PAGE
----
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Tow with Confidence

Eliminating Towing Sag

Towing a trailer is a pretty basic function of a lot of trucks on the road today. Whether it’s a boat, a camper, a small utility trailer for yard work, or, in the case of many of our readers, a car trailer, having something hooked to the receiver is common. A lot of times, if the tongue weight is too much or if the load itself is excessively heavy, the rear of the truck can squat. No one likes riding around looking like one of the squatted kids, but that’s part of towing a trailer sometimes. 

01. The helper bag kit comes with everything you need to bolt the bags into your Belltech bolt-in notch, including the airline and fittings not in the photo.
02. The Air Lift Wireless Air system includes the compressor, valves, controller, airline, and all mounting and wiring parts needed, including the remote.
03. Bolt the upper bag bracket to each bag with the supplied hardware.

Not only does this look bad, but it’s extremely unsafe. Having your truck sit level, especially with the extra weight of a trailer, makes driving and, more importantly, stopping easier. This can also apply to those times when you load the bed down with something like mulch, gravel, or even furniture when helping a friend move.

The easiest way to fix this is to add a set of helper bags for extra support for the rear of the truck when it is sagging due to extra weight.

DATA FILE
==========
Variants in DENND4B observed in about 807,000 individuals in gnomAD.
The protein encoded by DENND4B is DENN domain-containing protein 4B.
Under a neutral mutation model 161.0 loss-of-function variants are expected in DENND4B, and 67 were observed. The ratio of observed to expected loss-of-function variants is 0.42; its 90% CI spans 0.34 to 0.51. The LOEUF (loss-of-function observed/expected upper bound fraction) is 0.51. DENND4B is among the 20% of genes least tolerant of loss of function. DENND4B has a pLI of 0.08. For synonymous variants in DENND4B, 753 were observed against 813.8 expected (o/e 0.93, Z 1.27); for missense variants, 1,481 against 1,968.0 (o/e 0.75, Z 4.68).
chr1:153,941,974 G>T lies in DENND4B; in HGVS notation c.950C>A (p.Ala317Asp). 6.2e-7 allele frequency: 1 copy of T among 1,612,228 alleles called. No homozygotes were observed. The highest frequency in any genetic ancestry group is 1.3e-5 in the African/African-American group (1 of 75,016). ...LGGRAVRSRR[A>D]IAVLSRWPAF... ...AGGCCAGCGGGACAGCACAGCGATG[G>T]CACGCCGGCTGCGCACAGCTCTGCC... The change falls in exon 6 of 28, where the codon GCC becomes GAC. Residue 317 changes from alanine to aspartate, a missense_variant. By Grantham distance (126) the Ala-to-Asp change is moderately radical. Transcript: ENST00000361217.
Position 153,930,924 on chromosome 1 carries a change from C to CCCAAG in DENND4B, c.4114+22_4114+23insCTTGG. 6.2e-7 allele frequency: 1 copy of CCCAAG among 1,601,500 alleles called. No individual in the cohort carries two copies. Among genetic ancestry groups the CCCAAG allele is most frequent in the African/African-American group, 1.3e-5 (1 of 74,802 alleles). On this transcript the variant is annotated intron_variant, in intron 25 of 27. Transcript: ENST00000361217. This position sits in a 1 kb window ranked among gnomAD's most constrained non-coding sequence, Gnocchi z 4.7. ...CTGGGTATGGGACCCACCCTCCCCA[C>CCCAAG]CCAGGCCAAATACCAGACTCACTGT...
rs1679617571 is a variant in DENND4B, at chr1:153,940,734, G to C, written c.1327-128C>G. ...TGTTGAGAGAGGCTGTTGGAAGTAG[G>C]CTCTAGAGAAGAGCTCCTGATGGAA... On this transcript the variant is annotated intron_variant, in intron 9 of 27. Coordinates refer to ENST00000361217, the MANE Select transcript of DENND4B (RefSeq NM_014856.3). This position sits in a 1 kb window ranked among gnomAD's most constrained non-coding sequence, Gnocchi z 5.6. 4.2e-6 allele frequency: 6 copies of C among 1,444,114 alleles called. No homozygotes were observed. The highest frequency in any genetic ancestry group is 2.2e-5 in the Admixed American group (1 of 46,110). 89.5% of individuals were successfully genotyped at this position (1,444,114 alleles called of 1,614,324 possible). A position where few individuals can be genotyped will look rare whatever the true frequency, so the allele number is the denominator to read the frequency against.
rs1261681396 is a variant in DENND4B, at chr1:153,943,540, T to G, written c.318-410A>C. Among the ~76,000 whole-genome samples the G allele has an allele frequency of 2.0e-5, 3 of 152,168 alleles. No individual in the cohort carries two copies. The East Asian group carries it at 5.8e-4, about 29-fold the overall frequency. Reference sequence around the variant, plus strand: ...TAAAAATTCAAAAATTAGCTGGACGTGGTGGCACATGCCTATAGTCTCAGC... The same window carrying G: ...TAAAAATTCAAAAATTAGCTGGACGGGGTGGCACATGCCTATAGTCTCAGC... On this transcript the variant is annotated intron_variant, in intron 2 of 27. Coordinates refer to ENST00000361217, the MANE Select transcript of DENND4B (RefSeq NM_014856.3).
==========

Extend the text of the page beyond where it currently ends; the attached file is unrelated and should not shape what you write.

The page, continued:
04. Use your choice of sealant on the fitting thread to ensure a leak-free installation.
05. Install the fitting into the bag through the hole in the upper bag bracket.
06. Bolt the bottom bag bracket to the bottom of the bag with the supplied hardware.
07. Here, you can see the orientation of the bag with both brackets bolted to the bag.

The easiest way to fix this is to add a set of helper bags for extra support for the rear of the truck when it is sagging due to extra weight. This fix allows you to add as much air pressure as needed to eliminate the sag. Normally, an off-the-shelf helper bag kit would work just fine, but for my situation, it won’t work, as this truck is already being lowered, which requires the leaf springs to be flipped.

08. The Belltech bump stop needs to be removed. We knew this helper bag kit was going in, so we didn’t use the supplied bolt and nut to install it. We tapped the hole and used a 10mm bolt to make removing it easier.
09. Remove the front Belltech notch bolt closest to the notch opening.
10. If your truck has the factory carpet fender well liners, remove the center lowest screw to get access to the rear of the notch.